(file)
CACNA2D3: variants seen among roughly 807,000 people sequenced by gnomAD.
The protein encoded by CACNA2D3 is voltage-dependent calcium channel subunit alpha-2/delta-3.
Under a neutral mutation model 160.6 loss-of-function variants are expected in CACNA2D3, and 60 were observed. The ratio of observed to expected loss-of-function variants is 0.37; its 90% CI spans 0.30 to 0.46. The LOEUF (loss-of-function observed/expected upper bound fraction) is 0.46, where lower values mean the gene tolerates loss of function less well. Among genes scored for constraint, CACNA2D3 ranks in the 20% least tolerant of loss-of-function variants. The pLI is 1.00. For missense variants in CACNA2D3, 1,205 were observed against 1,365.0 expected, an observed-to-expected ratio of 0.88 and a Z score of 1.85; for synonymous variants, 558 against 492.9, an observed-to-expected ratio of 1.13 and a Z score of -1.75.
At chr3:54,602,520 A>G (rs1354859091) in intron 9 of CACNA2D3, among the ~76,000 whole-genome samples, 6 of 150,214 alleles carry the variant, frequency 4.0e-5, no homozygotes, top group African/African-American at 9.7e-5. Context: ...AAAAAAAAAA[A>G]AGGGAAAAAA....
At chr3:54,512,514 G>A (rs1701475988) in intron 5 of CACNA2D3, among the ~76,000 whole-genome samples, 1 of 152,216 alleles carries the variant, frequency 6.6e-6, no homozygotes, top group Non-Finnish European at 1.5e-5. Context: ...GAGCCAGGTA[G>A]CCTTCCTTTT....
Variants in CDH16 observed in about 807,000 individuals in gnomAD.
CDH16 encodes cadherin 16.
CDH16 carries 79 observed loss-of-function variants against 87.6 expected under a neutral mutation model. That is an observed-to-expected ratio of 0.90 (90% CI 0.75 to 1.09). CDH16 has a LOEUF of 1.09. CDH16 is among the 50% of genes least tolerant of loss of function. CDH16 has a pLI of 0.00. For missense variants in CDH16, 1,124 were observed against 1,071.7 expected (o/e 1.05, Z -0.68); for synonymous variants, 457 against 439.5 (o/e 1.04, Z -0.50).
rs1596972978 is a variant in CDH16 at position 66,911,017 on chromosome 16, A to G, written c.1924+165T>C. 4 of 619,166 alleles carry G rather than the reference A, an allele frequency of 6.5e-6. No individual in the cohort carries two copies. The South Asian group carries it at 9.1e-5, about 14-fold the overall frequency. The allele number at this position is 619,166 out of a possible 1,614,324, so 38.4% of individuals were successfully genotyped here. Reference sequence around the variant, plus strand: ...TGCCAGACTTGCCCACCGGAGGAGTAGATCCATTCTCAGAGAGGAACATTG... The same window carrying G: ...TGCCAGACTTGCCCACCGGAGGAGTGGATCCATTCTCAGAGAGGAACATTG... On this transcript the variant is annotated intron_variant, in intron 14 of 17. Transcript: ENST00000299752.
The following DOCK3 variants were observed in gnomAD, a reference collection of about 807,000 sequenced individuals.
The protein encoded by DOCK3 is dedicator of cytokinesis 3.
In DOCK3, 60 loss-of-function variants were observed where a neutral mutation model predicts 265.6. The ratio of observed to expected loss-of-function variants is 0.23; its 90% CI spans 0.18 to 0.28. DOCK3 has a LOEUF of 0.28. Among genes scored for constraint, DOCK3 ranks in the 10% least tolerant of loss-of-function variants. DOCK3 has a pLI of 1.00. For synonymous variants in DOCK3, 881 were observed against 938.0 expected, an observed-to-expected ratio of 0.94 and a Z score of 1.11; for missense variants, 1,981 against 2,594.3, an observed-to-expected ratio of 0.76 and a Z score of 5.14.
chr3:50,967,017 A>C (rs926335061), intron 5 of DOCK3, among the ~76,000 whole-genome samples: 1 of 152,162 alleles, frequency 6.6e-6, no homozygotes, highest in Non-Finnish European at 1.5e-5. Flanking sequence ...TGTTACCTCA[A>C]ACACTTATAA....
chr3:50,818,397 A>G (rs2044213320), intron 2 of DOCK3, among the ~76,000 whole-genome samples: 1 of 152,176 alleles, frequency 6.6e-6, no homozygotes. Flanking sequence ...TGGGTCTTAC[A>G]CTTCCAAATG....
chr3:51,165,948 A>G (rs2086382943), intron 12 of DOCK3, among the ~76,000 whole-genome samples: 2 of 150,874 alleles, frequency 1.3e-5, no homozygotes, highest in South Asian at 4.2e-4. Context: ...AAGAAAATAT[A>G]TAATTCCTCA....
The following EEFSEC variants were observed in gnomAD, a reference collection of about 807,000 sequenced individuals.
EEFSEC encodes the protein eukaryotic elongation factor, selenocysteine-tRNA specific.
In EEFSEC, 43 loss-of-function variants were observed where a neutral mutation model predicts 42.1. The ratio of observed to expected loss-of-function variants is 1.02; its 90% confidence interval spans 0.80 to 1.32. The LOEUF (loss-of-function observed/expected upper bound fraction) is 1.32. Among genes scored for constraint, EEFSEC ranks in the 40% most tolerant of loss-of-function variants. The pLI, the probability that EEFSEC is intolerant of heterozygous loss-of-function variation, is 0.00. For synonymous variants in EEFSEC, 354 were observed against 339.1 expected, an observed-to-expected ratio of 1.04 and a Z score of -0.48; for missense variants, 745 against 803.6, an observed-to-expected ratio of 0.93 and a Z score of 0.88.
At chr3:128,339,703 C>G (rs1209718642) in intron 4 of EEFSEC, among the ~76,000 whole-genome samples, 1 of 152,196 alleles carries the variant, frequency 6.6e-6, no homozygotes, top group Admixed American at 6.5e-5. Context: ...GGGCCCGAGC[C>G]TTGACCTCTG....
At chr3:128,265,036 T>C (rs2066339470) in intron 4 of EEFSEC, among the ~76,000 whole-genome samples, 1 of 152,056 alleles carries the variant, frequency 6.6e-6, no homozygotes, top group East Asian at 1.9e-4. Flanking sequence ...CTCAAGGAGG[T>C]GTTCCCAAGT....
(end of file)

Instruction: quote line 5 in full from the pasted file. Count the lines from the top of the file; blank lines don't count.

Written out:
At chr3:54,512,514 G>A (rs1701475988) in intron 5 of CACNA2D3, among the ~76,000 whole-genome samples, 1 of 152,216 alleles carries the variant, frequency 6.6e-6, no homozygotes, top group Non-Finnish European at 1.5e-5. Context: ...GAGCCAGGTA[G>A]CCTTCCTTTT....